• Wink, M.; Sauer-Gürth, H.; Ellis, D.; Kenward, R. (2004). Chancellor, R.D.; Meyburg, B.-U., eds. Phylogenetic relationships in the Hierofalco complex (Saker-, Gyr-, Lanner-, Laggar Falcon) (PDF). Raptors Worldwide (Berlin: WWGBP). pp. 499–504. 


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  1. ^ Contra Helbig et al. 1994, Wink et al. 1998. The supposed basal position of the hierofalcons was due to them having a cytochrome b numt: see Wink & Sauer-Gürth 2000
  2. ^ Charles V, Holy Roman Emperor levied a nominal rent of these birds on the Knights Hospitaller when he donated the territories of Malta, Gozo and Tripoli to them. Source of the name for Dashiell Hammett's novel.
  3. ^ Also called "Kleinschmidt's falcon", but this might equally refer to F. p. kleinschmidti which is a junior synonym of japonensis.
  4. ^ The shaheen (شاهین) of Arabic and Persian writers are usually Barbary falcons; those in Indian (शाहीन) and Pakistani (شاہین) sources normally refer to peregrinator.
  5. ^ Colpocephalum falconii which was described from specimens found on the peregrine falcon, Colpocephalum subzerafae, Colpocephalum zerafae and Nosopon lucidum (all Menoponidae), Degeeriella rufa (Philopteridae), Laemobothrion tinnunculi (Laemobothriidae). All are known from other Falco species too.[15][51]
  6. ^ See, for example, Santa Cruz Predatory Bird Group WebCam[89] and W.E.B. Du Bois FalconCam[90]


See also

The peregrine falcon is the national animal of the United Arab Emirates. Since 1927, the peregrine falcon has been the official mascot of Bowling Green State University in Bowling Green, Ohio.[93] The 2007 U.S. Idaho state quarter features a peregrine falcon.[94] The peregrine falcon has been designated the official city bird of Chicago.[95]

Due to its striking hunting technique, the peregrine has often been associated with aggression and martial prowess. Native Americans of the Mississippian culture (c. 800–1500) used the peregrine, along with several other birds of prey, in imagery as a symbol of "aerial (celestial) power" and buried men of high status in costumes associating to the ferocity of "raptorial" birds.[91] In the late Middle Ages, the Western European nobility that used peregrines for hunting, considered the bird associated with princes in formal hierarchies of birds of prey, just below the gyrfalcon associated with kings. It was considered "a royal bird, more armed by its courage than its claws". Terminology used by peregrine breeders also used the Old French term gentil, "of noble birth; aristocratic", particularly with the peregrine.[92]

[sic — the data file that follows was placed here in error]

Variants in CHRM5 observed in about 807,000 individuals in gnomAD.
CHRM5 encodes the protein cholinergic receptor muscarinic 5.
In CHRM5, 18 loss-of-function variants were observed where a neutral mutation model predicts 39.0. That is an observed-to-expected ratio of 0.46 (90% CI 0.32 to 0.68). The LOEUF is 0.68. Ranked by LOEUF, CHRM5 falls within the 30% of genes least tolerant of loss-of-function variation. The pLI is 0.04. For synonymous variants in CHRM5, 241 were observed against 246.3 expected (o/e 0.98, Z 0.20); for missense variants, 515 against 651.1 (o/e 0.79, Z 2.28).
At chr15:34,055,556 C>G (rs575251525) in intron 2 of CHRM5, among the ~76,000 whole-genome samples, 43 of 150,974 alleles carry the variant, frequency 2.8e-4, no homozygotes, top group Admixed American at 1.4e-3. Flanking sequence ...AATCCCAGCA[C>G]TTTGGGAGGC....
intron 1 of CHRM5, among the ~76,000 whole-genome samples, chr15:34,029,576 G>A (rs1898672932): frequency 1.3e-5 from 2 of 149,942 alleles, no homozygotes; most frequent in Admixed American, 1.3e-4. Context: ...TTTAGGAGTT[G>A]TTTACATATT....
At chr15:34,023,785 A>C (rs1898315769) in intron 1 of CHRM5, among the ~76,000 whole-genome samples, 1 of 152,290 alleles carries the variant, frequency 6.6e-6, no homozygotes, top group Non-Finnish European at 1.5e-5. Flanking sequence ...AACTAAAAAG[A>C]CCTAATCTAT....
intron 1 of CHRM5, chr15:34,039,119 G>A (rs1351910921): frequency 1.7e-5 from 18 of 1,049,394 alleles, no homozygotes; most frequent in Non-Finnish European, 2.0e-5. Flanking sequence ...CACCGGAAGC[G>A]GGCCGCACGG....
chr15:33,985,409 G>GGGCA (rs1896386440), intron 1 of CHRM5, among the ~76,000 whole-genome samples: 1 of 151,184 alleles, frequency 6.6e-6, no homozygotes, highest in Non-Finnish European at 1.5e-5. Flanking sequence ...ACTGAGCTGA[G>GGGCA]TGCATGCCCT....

Cultural significance

From an ecological perspective, raptor populations in urban areas are highly beneficial. Compared with Europe where pigeon populations have exploded to the point they are both a tourist attraction and a public nuisance. Their faeces are highly acidic causing damage to historic buildings and statues made of soft stone. They nest in bridges where it compiles and damages iron work causing rust and corrosion. In the United States, falcon and other raptors are in numbers high enough to ward off pigeon nest building in major highrises.

Populations of the peregrine falcon have bounced back in most parts of the world. In Britain, there has been a recovery of populations since the crash of the 1960s. This has been greatly assisted by conservation and protection work led by the Royal Society for the Protection of Birds. The RSPB has estimated that there are 1,402 breeding pairs in the UK.[83][84] Peregrines now breed in many mountainous and coastal areas, especially in the west and north, and nest in some urban areas, capitalising on the urban feral pigeon populations for food.[85] In Southampton, a nest prevented restoration of mobile telephony services for several months, after Vodafone engineers despatched to repair a faulty transmitter mast discovered a nest in the mast, and were prevented by the Wildlife and Countryside Act, on pain of a possible prison sentence, from proceeding with repairs until the chicks fledged.[86] In many parts of the world peregrine falcons have adapted to urban habitats, nesting on cathedrals, skyscraper window ledges, tower blocks,[87] and the towers of suspension bridges. Many of these nesting birds are encouraged, sometimes gathering media attention and often monitored by cameras.[88][note 6]

Current status

Some controversy has existed over the origins of captive breeding stock used by The Peregrine Fund in the recovery of peregrine falcons throughout the contiguous United States. Several peregrine subspecies were included in the breeding stock, including birds of Eurasian origin. Due to the extirpation of the eastern anatum (Falco peregrinus anatum), the near extirpation of the anatum in the Midwest, and the limited gene pool within North American breeding stock, the inclusion of non-native subspecies was justified to optimize the genetic diversity found within the species as a whole.[82]

Worldwide recovery efforts have been remarkably successful.[79] The widespread restriction of DDT use eventually allowed released birds to breed successfully.[47] The peregrine falcon was removed from the U.S. Endangered Species list on August 25, 1999.[47][81]

In the United States, Canada, Germany and Poland, wildlife services in peregrine falcon recovery teams breed the species in captivity.[79] The chicks are usually fed through a chute or with a hand puppet mimicking a peregrine's head, so they cannot see to imprint on the human trainers.[47] Then, when they are old enough, the rearing box is opened, allowing the bird to train its wings. As the fledgling gets stronger, feeding is reduced, forcing the bird to learn to hunt. This procedure is called hacking back to the wild.[80] To release a captive-bred falcon, the bird is placed in a special cage at the top of a tower or cliff ledge for some days or so, allowing it to acclimate itself to its future environment.[80]

Recovery efforts

[32] An alternate point of view is that populations in the eastern North America had vanished due to hunting and egg collection.[5] (locally extinct) as a result.extirpated, this species became Belgium and United States In several parts of the world, such as the eastern [78][61]